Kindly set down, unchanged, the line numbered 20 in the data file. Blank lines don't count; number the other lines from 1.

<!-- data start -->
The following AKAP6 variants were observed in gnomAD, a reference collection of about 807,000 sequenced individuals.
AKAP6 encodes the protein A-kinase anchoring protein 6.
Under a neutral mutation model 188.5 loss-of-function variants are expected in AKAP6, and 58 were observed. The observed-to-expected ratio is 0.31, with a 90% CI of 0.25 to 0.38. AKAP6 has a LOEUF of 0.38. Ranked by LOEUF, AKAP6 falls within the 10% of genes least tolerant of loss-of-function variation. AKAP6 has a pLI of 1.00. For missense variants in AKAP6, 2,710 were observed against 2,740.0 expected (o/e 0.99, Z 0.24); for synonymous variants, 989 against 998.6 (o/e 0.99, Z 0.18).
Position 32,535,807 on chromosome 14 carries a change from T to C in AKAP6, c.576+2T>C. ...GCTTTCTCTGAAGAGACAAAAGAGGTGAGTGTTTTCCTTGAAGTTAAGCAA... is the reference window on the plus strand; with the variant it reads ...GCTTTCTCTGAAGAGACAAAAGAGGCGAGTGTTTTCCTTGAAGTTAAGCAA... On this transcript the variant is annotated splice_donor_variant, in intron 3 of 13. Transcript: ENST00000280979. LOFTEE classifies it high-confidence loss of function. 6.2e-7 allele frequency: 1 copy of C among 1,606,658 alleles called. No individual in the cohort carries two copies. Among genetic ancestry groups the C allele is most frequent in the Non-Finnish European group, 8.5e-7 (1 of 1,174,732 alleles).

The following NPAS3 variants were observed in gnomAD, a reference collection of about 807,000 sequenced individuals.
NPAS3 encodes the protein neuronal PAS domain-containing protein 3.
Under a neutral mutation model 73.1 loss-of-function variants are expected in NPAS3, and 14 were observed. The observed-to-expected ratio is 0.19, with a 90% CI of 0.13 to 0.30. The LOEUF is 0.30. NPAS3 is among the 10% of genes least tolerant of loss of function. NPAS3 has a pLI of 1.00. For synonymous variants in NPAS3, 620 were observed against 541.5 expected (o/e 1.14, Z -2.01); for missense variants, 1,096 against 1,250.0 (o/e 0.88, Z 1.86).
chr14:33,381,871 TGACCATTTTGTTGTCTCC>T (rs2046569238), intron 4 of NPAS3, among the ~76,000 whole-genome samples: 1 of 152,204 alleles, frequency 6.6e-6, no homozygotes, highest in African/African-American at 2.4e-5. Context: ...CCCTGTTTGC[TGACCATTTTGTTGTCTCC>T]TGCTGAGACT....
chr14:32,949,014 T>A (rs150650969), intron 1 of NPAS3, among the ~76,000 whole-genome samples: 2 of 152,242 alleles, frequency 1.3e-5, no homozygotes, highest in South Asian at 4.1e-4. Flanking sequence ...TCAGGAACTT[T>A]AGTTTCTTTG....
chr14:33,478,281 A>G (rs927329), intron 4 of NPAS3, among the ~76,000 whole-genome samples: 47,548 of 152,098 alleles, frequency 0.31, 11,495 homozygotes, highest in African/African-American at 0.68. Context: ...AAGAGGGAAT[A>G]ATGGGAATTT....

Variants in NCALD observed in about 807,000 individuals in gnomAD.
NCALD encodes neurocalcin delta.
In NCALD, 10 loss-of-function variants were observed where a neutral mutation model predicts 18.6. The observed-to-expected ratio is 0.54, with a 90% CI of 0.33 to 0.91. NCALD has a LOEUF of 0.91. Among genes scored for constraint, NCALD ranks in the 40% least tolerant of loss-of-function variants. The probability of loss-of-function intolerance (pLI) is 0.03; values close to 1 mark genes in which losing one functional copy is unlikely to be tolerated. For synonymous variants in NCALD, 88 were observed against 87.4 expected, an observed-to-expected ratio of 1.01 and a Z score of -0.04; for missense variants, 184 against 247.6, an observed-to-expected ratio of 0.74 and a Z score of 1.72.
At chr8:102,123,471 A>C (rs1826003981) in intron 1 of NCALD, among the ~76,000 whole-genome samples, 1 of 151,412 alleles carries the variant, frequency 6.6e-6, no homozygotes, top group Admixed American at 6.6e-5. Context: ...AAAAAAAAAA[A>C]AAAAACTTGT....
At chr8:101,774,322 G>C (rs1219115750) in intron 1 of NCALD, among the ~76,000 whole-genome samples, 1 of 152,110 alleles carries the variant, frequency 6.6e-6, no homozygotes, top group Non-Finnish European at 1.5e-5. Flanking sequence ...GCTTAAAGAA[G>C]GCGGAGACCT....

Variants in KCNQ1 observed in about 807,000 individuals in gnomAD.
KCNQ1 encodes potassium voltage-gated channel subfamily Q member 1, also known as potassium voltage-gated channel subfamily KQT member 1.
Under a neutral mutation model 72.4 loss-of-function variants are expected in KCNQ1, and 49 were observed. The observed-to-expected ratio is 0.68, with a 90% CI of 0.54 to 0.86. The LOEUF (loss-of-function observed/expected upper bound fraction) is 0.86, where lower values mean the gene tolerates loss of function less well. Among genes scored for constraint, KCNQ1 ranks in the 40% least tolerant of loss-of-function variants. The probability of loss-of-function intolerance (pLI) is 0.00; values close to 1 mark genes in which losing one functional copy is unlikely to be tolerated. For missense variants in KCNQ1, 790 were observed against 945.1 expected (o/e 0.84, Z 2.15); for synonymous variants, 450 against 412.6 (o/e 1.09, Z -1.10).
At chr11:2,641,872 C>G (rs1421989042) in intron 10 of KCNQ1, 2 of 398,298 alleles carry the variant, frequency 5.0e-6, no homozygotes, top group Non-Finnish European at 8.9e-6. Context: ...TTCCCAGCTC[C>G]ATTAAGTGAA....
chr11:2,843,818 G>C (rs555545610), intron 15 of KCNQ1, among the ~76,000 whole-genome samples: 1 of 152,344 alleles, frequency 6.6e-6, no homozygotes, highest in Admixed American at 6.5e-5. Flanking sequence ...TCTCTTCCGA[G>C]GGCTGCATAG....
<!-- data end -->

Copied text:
chr11:2,843,818 G>C (rs555545610), intron 15 of KCNQ1, among the ~76,000 whole-genome samples: 1 of 152,344 alleles, frequency 6.6e-6, no homozygotes, highest in Admixed American at 6.5e-5. Flanking sequence ...TCTCTTCCGA[G>C]GGCTGCATAG....